Bile duct cancer symptoms: London mother who thought itchy hands were caused by cleaning product given months to live


A mother-of-three is fighting against the clock to raise money to fund lifesaving treatment after her itchy hands turned out to be a rare and deadly form of cancer.

Maria Barry, 58, who lives in Harrow, north west London, with her children, Nico, 32, Luca, 30, and Nadia, 27, began suffering from itchy and cracked hands during the first Covid lockdown in March 2020.

At first, Maria thought it was a reaction to a new cleaning product she was using, but in April 2022, she was diagnosed with bile duct cancer – which is rare with around 1,000 new cases a year in the UK according to the NHS – and, without treatment, she now has just three to six months to live.

Maria is fundraising to pay for her treatment. (Collect/PA Real Life)

The children’s nursery manager said: “The gene therapy treatment that I need isn’t available on the NHS and costs £16,500 a month privately, so we are desperately trying to raise money using a GoFundMe page.

“Anything that we can get will go towards saving my life. My kids all live at home with me and I don’t have grandchildren yet. I’m not ready to die, I’m fighting to live.”

For Maria, her issues began when her hands started to itch relentlessly.

Maria says she is not ready to leave her kids yet. (Collect/PA Real Life)

She said: “I’d had gallstones a couple of years prior and ended up having my gallbladder removed, but other than that I’d never had any health problems.

“During lockdown, I developed a condition where my hands cracked up and I had to wear gloves. I’d initially thought it was a reaction to a new cleaning product I’d bought to clean the cooker.

“They were so itchy and I was getting aches and pains in my elbows, joints, everywhere, and I was constantly on the phone with the doctor.”

The mum-of-three was diagnosed with bile duct cancer in April 2022. (Collect/PA Real Life)

Due to lockdown, Maria couldn’t get a face-to-face appointment so had to send her GP photos of her red and sore palms.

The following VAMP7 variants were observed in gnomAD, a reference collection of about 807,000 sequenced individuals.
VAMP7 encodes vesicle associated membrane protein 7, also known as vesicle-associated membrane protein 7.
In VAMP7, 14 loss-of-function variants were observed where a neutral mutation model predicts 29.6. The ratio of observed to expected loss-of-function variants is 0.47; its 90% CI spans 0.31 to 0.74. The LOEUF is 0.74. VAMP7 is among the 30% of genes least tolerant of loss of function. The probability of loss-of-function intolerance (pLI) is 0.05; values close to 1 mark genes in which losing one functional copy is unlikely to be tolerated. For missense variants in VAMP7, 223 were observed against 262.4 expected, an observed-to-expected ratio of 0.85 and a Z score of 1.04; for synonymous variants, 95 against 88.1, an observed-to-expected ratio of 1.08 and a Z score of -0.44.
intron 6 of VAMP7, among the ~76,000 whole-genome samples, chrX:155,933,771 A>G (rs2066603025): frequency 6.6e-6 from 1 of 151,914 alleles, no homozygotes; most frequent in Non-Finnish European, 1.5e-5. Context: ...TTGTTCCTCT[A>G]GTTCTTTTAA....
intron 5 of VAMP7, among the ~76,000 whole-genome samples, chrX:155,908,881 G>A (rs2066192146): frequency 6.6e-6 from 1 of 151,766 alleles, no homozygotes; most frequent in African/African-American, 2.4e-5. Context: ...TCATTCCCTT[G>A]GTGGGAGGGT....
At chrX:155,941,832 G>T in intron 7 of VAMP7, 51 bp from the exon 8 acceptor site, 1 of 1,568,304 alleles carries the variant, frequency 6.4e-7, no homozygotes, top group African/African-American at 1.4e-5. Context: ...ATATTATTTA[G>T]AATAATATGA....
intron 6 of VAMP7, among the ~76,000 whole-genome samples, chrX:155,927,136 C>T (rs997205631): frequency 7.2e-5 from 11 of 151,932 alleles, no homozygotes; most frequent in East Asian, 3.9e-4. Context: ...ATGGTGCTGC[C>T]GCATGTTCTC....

Over the next year,  she was prescribed various steroid creams, gels and UV treatments, but to no avail.

She said: “Nothing seemed to work and I was eventually referred to a dermatologist.”

Maria’s children are fighting to save their mum. (Collect/PA Real Life)

She added: “It took a while to see them and, even then, they were suggesting new medication to try.”

But Maria says her intuition was screaming at her, telling her this was more than itchy skin.

She said: “I just knew something was wrong. It had been months of trying different solutions and nothing had worked. Something had to be seriously wrong so I demanded a CT scan.”

Maria has been given just three to six months to live. (Collect/PA Real Life)

On Christmas Eve 2021, Maria was asked to go in Northwick Park Hospital for her results and – fearing the worst – she took along her grown-up children Nico, who is not working,  Luca, a salesman, and Nadia, a football centre manager, for support.

She said: “The news just completely shocked me. The doctors suspected I had a rare cancer and would need to undergo a biopsy.

“I was devastated and it completely ruined our Christmas. The entire time, I just kept worrying about what was to come.”

Maria’s treatment costs £16,500 a month. (Collect/PA Real Life)

After New Year, Maria had three biopsies which were all inconclusive.

But she said: “After the fourth biopsy, they confirmed they had found something malignant.

“It was so rare that the doctors said they needed to run further tests to find out what type of cancer it was.”

Maria says she is not ready to die. (Collect/PA Real Life)

In April 2022, Maria was officially diagnosed with bile duct cancer. It starts in the bile duct and,  in her case, after lying dormant for years, had now spread to her liver.